Posted in Literary Analysis

Not Merely “Two lovely berries molded on one stem”

In A Midsummer’s Night Dream by William Shakespeare, the main character of the play are almost interchangeable, adding to the delightful confusion and hilarity of the play. Hermia and Helena the two main women from the play, are almost as difficult to distinguish as there names, however, distinguishing characteristics do exists. Continue reading “Not Merely “Two lovely berries molded on one stem””

Posted in Flash Fiction, Original Fiction

Spelunking is for Batman

The flashlight was, of course, dead. The lightbulb could have fried or the battery could have been drained, either way it illuminate absolutely bupkis, which is to say it had become nothing more than a decently heavy sturdy weapon in the case one of the bats, twittering and squeaking in the darkness overhead decided to attack or more unlikely, but more terrifyingly turned into a vampire and attempt to suck my blood. With the dark clawing at my clothes, and shoving it’s way down my throat the creatures of the night were beginning to feel more and more real and less and less like some sort of crazy fantasy.

My voice rasped as I called out for the seventeenth time, yes I was keeping count their was little else to do and gave my mind something to focus on. It was just my fucking luck that I would get lost. There was something about being lost, that sucked all the confidence out of your body and reduced you to a five year old, wandering the halls of the grocery store screaming for your mother. Small, fragile, and very alone, everything was an obstacle, an enemy keeping you from you beloved companions. My foot squelched and I really should have realized, as soon as I shifted my weight, my foot slipped, my ankle rolling, and all my hundred twenty pounds slammed into the cold damp cave floor.

Continue reading “Spelunking is for Batman”

Posted in Literary Analysis

The sympathy of a character: “The Story of an Hour” compared to “A Sorrowful Woman”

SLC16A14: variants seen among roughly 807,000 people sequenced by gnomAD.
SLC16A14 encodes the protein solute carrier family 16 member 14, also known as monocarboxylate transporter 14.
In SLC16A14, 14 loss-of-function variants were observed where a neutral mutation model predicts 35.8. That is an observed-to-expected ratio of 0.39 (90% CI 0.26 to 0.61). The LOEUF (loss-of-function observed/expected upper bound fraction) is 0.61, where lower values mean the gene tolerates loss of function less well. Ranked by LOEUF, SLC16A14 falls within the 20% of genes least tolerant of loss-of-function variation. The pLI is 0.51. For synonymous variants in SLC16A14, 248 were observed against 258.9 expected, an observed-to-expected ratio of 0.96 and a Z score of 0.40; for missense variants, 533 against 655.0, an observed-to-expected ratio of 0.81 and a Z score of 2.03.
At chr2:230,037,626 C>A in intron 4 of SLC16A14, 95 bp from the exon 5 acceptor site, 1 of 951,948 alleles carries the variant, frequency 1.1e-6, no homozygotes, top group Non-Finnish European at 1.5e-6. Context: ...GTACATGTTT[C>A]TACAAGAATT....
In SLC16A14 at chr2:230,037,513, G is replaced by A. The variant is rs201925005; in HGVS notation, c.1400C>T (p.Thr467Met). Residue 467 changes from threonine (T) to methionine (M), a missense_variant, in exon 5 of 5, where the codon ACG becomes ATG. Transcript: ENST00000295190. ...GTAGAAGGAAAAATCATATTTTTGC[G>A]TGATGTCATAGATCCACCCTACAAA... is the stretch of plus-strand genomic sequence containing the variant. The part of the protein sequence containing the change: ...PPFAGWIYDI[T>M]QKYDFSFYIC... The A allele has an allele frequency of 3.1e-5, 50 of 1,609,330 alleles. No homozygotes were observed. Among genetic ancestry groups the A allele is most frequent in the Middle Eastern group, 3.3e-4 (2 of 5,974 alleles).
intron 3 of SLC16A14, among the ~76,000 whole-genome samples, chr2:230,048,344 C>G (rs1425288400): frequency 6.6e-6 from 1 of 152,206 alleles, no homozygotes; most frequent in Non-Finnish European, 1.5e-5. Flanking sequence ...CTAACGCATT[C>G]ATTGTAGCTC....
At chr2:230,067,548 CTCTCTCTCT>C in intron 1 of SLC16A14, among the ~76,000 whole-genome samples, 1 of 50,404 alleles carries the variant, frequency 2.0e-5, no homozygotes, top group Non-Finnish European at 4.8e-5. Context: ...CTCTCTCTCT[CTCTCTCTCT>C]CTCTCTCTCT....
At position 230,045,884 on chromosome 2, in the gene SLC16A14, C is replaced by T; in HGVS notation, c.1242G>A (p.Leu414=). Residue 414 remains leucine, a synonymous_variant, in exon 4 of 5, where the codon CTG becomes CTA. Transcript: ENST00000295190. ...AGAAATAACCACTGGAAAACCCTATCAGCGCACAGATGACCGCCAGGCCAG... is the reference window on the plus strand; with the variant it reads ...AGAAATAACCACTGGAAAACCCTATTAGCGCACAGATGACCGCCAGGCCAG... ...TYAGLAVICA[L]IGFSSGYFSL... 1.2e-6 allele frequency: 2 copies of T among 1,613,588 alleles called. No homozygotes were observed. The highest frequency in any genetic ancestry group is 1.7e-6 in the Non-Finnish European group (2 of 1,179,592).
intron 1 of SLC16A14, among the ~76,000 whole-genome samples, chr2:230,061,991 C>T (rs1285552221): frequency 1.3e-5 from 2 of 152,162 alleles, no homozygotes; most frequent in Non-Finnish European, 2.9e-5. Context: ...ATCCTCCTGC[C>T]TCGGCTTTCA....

In Chopin’s “The Story of an Hour”, Mrs. Mallard, for all intents and purposes, is a women trapped by circumstance. The circumstance of her time, and the society she resides in. She lives in a world where women get married and stayed married; despite their marital bliss—present or otherwise. She is a young woman, who has barely lived her life, and due to the constraints of her society feels imprisoned in her marriage. Her husband was described to be a perfectly acceptable man who “never looked save with love upon her” (16). Mrs. Mallard is trapped in a kind marriage, but a marriage nonetheless. At first, Mrs. Mallard is thoroughly distraught by the death of her husband but as time passes, something changes, “she felt it, creeping out of the sky” and feeling of freedom and relief (15). This was a rather startling reaction, clearly, only a cold, heartless women would have “monstrous joy” at the loss of a spouse (16). Continue reading “The sympathy of a character: “The Story of an Hour” compared to “A Sorrowful Woman””

Posted in 3 star, Book Review

Uninvested but amused: A review of The Goose Girl by Shannon Hale

Anidora-Kiladra Talianna Isilee, Crown Princess of Kildenree didn’t open her eyes for the first three days fo her life, not until her aunt whispered stories to her. Stories of tasting words on tongues and understanding things that many chose not to listen too. Raised on fantastic stories and taught to understand the language fo the birds Ani, is an outcast within her home, misunderstood and terrified by the responsibilities on her shoulders. However, when the threat of Bayern, the neighboring kingdom, grows Ani must accept her duty and face the unknown. The Goose Girl by Shannon Hale is an original tale of magic and words, about a young girl growing to understand herself and her abilities and rising up to face those who wish her ill.